Donna Pearson

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Donna M. Pearson is a patient advocate from Holland, Massachusetts. She became ill with myalgic encephalomyelitis (ME) in 2003 following a flu, that in her words, "was far worse than anything I had ever experienced." Prior to becoming ill she worked as the Vice President for a real estate syndication firm, established her own management company, raised a family, and led a full and active life.[1]

Massachusetts CFIDS/ME & FM Association[edit | edit source]

Pearson is an officer of the Massachusetts CFIDS/ME & FM Association, a large and respected patient advocacy group.[2]

Chronic Fatigue Syndrome Advisory Committee[edit | edit source]

Pearson serves as a voting member of the HHS's Chronic Fatigue Syndrome Advisory Committee (CFSAC) for the term: 06/16/14 to 06/16/18 and chairs the IOM/P2P Working Group for CFSAC.[3]

Questions to NIH during Advocacy Call[edit | edit source]

Talks and interviews[edit | edit source]

References[edit | edit source]

Myalgic encephalomyelitis (ME) - A disease often marked by neurological symptoms, but fatigue is sometimes a symptom as well. Some diagnostic criteria distinguish it from chronic fatigue syndrome, while other diagnostic criteria consider it to be a synonym for chronic fatigue syndrome. A defining characteristic of ME is post-exertional malaise (PEM), or post-exertional neuroimmune exhaustion (PENE), which is a notable exacerbation of symptoms brought on by small exertions. PEM can last for days or weeks. Symptoms can include cognitive impairments, muscle pain (myalgia), trouble remaining upright (orthostatic intolerance), sleep abnormalities, and gastro-intestinal impairments, among others. An estimated 25% of those suffering from ME are housebound or bedbound. The World Health Organization (WHO) classifies ME as a neurological disease.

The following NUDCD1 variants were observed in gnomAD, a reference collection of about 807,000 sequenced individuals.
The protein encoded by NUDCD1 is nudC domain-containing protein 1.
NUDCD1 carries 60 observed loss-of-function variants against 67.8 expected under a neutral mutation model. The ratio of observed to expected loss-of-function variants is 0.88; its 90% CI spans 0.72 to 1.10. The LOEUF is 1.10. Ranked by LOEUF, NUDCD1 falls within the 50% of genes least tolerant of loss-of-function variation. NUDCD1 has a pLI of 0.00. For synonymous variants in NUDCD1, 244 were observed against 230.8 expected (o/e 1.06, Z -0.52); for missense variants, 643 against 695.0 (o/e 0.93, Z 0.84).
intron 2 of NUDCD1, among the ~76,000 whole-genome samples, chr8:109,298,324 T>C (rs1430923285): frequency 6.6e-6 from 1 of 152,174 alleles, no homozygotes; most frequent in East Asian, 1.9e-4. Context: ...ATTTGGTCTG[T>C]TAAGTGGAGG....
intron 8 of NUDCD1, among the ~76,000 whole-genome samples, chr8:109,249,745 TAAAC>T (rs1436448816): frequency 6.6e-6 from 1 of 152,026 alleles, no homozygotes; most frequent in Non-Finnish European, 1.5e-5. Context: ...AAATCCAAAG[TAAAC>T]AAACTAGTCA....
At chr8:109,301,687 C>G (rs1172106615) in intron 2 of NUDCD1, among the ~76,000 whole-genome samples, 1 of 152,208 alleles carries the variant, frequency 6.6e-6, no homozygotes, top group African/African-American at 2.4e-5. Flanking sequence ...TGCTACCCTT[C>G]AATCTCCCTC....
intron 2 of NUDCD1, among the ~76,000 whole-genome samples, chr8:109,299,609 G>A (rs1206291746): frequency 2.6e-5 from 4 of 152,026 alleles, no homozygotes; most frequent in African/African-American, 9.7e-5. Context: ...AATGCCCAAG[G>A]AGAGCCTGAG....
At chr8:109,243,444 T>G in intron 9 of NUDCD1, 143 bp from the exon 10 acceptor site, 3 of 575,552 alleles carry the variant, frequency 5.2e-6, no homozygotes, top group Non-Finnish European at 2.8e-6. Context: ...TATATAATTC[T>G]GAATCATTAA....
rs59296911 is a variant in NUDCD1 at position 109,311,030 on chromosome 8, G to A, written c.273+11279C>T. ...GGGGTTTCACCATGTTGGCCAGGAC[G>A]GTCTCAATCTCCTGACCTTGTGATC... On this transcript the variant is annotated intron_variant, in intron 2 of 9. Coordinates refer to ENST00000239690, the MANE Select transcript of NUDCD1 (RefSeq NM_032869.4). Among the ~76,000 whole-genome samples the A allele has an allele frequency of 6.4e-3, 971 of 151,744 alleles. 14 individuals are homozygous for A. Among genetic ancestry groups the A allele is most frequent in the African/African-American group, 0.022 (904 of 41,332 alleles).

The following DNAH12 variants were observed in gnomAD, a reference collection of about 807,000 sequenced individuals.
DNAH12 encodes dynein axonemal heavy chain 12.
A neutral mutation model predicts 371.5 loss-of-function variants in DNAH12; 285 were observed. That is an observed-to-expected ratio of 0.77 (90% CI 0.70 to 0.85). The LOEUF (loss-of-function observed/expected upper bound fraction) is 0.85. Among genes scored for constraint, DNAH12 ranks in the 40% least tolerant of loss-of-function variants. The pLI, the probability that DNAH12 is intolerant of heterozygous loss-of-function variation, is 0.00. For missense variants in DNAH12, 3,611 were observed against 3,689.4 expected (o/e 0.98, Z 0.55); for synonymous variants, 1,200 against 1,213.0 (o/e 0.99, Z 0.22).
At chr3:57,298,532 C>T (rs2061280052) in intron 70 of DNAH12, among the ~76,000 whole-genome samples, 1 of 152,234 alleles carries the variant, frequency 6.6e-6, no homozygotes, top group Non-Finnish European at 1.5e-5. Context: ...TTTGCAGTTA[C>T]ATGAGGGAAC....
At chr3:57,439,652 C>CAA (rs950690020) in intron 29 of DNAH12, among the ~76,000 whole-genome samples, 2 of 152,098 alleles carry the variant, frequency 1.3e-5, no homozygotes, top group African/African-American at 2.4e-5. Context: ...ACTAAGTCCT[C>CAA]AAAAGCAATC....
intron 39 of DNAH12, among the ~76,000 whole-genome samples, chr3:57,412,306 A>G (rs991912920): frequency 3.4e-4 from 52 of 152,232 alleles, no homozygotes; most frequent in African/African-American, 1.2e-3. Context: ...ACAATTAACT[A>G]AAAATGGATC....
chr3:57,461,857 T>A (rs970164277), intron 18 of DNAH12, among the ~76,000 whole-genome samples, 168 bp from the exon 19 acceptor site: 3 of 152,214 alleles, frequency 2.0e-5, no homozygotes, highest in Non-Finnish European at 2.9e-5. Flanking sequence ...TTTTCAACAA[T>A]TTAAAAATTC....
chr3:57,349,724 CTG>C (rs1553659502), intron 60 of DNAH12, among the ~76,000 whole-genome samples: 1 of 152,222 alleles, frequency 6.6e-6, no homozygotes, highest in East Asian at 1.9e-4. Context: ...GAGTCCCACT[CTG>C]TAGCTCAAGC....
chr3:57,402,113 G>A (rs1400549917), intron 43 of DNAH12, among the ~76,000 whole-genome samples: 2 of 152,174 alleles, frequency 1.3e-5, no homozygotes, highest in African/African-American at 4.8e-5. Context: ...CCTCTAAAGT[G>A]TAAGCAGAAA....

Chronic fatigue syndrome advisory committee (CFSAC) - (sometimes pronounced SIF-SACK) A US government advisory council that met twice per year, covering current topics related to Myalgic Encephalomyelitis/Chronic Fatigue Syndrome. Meetings usually lasted for two days and the results were presented to the Secretary of Health and Human Services (HHS). After 15 years, on September 5, 2018, CFSAC's charter was not renewed by the Department of HHS, effectively dissolving the committee without notice or warning.

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From MEpedia, a crowd-sourced encyclopedia of ME and CFS science and history.